Former Labor leader Bill Shorten says those calling for ministers to be sacked over the release of 148 asylum seekers could also be pushing for High Court judges to be sacked as they were more to blame than politicians.
Two Albanian cabinet ministers are facing calls from the Coalition to resign after one of the freed detainees was charged with serious sexual assault just weeks after his release and a second was arrested for drug offences.
Opposition immigration spokesman Dan Tehan said on Tuesday: “The time has come for the Prime Minister to do the right thing and ask these ministers to resign, and if they don’t he should sack them.”
The pressure for heads to roll has only increased since it was revealed that the mass release could have been avoided if the Labor government had released just one detainee: the Rohingya pedophile known as NZYQ, who has been detained since serving a sentence prison for child sexual abuse. abuse and on which case the High Court challenge was based.
But Disability Services Minister Bill Shorten said it made no sense to demand that politicians be sacked while the judges who handed down the ruling were immune from such action due to the separation of powers.
“The logic is that the High Court should resign,” he said.
Disability Services Minister Bill Shorten said if anyone should be forced to resign it should be High Court judges who make the decision.
Afghan refugee Aliyawar Yawari was deemed a “danger to the Australian community” by a South Australian judge in 2016 following attacks on three elderly women in 2013 and 2014.
‘If you really believe there was some way around this, the reality is that the High Court has made its decision. “That is their right and prerogative in our judicial system.”
Shorten argued that both Immigration Minister Andrew Giles and Home Affairs Minister Clare O’Neil had acted with “utmost speed” to bring in laws that would see released detainees remanded in custody if they were considered that they represented a risk to public safety.
“The High Court has made a decision, we have had to respond very quickly and today there is a bill in the Senate that (the Coalition) can vote on to keep people safe,” he said.
The political debate comes as a 65-year-old man was charged with two counts of indecent assault after being released from indefinite detention following the High Court decision.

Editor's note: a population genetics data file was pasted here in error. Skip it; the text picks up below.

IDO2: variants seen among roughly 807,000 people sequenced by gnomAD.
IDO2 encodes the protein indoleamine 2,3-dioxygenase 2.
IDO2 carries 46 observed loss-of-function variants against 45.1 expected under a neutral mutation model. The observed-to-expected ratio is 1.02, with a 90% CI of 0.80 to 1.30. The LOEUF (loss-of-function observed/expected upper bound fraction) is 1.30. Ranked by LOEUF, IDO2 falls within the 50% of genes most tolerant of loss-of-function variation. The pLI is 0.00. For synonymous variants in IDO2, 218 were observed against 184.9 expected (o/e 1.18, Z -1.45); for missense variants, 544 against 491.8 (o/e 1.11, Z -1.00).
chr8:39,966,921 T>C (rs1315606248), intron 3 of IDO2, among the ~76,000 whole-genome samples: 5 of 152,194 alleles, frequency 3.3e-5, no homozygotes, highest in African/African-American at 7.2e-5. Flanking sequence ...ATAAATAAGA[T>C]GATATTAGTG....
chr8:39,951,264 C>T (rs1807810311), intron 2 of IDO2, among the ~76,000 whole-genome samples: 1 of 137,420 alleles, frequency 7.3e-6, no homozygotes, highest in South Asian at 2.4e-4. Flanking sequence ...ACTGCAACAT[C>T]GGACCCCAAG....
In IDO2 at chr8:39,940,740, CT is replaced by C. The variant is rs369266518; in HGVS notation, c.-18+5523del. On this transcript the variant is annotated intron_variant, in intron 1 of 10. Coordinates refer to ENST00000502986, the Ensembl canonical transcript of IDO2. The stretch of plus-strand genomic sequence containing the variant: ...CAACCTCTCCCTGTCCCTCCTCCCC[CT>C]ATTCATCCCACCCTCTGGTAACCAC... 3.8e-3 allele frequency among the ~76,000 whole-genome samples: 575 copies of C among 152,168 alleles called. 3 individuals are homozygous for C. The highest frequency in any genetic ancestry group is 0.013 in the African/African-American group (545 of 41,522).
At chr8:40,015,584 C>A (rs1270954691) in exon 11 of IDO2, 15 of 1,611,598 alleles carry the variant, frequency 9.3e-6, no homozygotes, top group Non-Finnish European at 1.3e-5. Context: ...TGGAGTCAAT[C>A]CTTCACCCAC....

Afghan refugee Aliyawar Yawari was originally locked up because a South Australian judge deemed him a “danger to the Australian community” in 2016, following attacks on three elderly women in 2013 and 2014.
Police refused him bail to appear in the Adelaide Magistrates Court on Monday.
Meanwhile, another released refugee, Mohammed Ali Nadari, 45, has been charged with possession of cannabis in New South Wales.
Today Show presenter Sylvia Jeffreys argued to Mr Shorten that both the Home Affairs and Immigration ministers “knew this decision was coming and they didn’t have a Plan B. That’s a rookie mistake, isn’t it?”
Shorten said the laws that were struck down as part of the High Court decision had been in place for 20 years and the previous government relied on them during their time in power.
Labor had opposed the court’s decision.
Tehan accused the government of failing to adequately prepare for the possibility that the High Court would rule that indefinite detention of immigrants was illegal.
“We would have made sure that in the months leading up to the High Court decision we were looking at what legislation we could put in place to keep the community safe,” he said.
“Warnings were issued that there was a real concern that these people would re-offend and sadly it appears that that is allegedly what happened.”
Under the amendments proposed by the federal government, preventive detention orders would apply to those released, including murderers and sex offenders, and are based on similar measures for high-risk terrorist offenders, Ms O’Neil said.
Home Secretary Clare O’Neil called for resignation
Immigration Minister Andrew Giles called for resignation
The exact number of released detainees to whom preventive detention orders would be applied is unknown.
Defense Minister Richard Marles backed his ministerial colleagues.
“What has happened here is that the High Court ruled against a law that was implemented by the Howard government and that was in place during the Turnbull and Morrison governments,” he told ABC Radio.
“The question is whether or not they (the opposition) are going to support strong legislation that imposes the strictest possible conditions on those who have been released.”
Asked by shadow attorney general Michaelia Cash why the government had released high-risk detainees, Foreign Minister Penny Wong said it was imperative to work within the court’s decision.
“A shadow attorney general should understand that a government under the Westminster system does not act like an autocratic dictatorship and actually does what the court says,” Senator Wong told Parliament on Monday.
Opposition Leader Peter Dutton said the Coalition would likely back the laws.
“If the government has adequate measures to keep Australians safe, then we will support those measures and see what they have to say,” he told reporters in Sydney.
“If we see a bad bill, we won’t support it.”
Greens senator Nick McKim called the laws a “race to the bottom” in refugee policy.
“Two different classes of people are created in this country under the law, depending on whether you are the holder of a particular class of visa or not,” he said.